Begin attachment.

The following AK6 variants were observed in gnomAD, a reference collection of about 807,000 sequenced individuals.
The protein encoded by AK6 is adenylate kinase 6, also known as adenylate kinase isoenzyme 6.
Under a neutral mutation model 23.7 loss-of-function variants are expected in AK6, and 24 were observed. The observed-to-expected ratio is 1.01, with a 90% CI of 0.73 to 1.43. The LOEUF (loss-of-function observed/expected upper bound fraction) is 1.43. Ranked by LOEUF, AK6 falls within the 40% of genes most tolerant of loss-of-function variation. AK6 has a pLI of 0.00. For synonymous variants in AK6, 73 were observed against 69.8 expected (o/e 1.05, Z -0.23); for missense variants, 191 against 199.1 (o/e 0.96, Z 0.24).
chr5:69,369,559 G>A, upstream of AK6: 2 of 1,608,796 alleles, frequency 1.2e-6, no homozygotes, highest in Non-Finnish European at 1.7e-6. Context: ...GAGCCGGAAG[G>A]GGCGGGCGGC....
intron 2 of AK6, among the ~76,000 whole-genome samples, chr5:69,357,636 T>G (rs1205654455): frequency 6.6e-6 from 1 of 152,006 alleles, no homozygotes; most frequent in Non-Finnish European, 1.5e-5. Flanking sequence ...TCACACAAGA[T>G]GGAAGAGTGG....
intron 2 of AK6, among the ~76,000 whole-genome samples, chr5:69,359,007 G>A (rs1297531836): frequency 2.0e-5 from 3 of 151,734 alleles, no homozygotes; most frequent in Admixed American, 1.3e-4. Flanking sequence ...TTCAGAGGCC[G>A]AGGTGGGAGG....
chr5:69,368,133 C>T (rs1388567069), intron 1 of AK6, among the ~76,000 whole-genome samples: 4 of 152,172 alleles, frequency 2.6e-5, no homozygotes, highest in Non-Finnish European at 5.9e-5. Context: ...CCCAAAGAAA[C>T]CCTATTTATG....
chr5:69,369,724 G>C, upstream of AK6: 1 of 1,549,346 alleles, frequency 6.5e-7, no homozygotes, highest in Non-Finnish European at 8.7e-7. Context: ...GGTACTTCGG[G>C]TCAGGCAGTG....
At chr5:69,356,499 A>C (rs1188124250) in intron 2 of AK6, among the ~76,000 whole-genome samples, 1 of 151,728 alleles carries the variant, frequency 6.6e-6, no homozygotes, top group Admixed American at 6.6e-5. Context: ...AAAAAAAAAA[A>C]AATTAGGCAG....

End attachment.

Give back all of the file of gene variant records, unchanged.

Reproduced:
The following AK6 variants were observed in gnomAD, a reference collection of about 807,000 sequenced individuals.
The protein encoded by AK6 is adenylate kinase 6, also known as adenylate kinase isoenzyme 6.
Under a neutral mutation model 23.7 loss-of-function variants are expected in AK6, and 24 were observed. The observed-to-expected ratio is 1.01, with a 90% CI of 0.73 to 1.43. The LOEUF (loss-of-function observed/expected upper bound fraction) is 1.43. Ranked by LOEUF, AK6 falls within the 40% of genes most tolerant of loss-of-function variation. AK6 has a pLI of 0.00. For synonymous variants in AK6, 73 were observed against 69.8 expected (o/e 1.05, Z -0.23); for missense variants, 191 against 199.1 (o/e 0.96, Z 0.24).
chr5:69,369,559 G>A, upstream of AK6: 2 of 1,608,796 alleles, frequency 1.2e-6, no homozygotes, highest in Non-Finnish European at 1.7e-6. Context: ...GAGCCGGAAG[G>A]GGCGGGCGGC....
intron 2 of AK6, among the ~76,000 whole-genome samples, chr5:69,357,636 T>G (rs1205654455): frequency 6.6e-6 from 1 of 152,006 alleles, no homozygotes; most frequent in Non-Finnish European, 1.5e-5. Flanking sequence ...TCACACAAGA[T>G]GGAAGAGTGG....
intron 2 of AK6, among the ~76,000 whole-genome samples, chr5:69,359,007 G>A (rs1297531836): frequency 2.0e-5 from 3 of 151,734 alleles, no homozygotes; most frequent in Admixed American, 1.3e-4. Flanking sequence ...TTCAGAGGCC[G>A]AGGTGGGAGG....
chr5:69,368,133 C>T (rs1388567069), intron 1 of AK6, among the ~76,000 whole-genome samples: 4 of 152,172 alleles, frequency 2.6e-5, no homozygotes, highest in Non-Finnish European at 5.9e-5. Context: ...CCCAAAGAAA[C>T]CCTATTTATG....
chr5:69,369,724 G>C, upstream of AK6: 1 of 1,549,346 alleles, frequency 6.5e-7, no homozygotes, highest in Non-Finnish European at 8.7e-7. Context: ...GGTACTTCGG[G>C]TCAGGCAGTG....
At chr5:69,356,499 A>C (rs1188124250) in intron 2 of AK6, among the ~76,000 whole-genome samples, 1 of 151,728 alleles carries the variant, frequency 6.6e-6, no homozygotes, top group Admixed American at 6.6e-5. Context: ...AAAAAAAAAA[A>C]AATTAGGCAG....